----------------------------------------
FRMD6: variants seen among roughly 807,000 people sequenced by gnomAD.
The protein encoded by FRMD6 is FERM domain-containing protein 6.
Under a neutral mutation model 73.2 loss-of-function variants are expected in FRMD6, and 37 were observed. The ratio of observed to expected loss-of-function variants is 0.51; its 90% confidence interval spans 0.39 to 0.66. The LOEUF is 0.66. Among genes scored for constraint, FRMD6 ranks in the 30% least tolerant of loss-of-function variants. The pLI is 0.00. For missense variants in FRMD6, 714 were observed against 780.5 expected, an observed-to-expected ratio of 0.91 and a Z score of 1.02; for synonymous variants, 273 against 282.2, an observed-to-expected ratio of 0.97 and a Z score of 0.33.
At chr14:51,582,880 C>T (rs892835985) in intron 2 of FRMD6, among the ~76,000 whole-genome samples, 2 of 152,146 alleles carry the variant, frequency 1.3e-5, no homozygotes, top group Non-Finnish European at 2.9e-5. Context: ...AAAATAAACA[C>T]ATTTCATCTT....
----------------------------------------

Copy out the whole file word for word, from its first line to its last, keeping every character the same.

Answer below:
FRMD6: variants seen among roughly 807,000 people sequenced by gnomAD.
The protein encoded by FRMD6 is FERM domain-containing protein 6.
Under a neutral mutation model 73.2 loss-of-function variants are expected in FRMD6, and 37 were observed. The ratio of observed to expected loss-of-function variants is 0.51; its 90% confidence interval spans 0.39 to 0.66. The LOEUF is 0.66. Among genes scored for constraint, FRMD6 ranks in the 30% least tolerant of loss-of-function variants. The pLI is 0.00. For missense variants in FRMD6, 714 were observed against 780.5 expected, an observed-to-expected ratio of 0.91 and a Z score of 1.02; for synonymous variants, 273 against 282.2, an observed-to-expected ratio of 0.97 and a Z score of 0.33.
At chr14:51,582,880 C>T (rs892835985) in intron 2 of FRMD6, among the ~76,000 whole-genome samples, 2 of 152,146 alleles carry the variant, frequency 1.3e-5, no homozygotes, top group Non-Finnish European at 2.9e-5. Context: ...AAAATAAACA[C>T]ATTTCATCTT....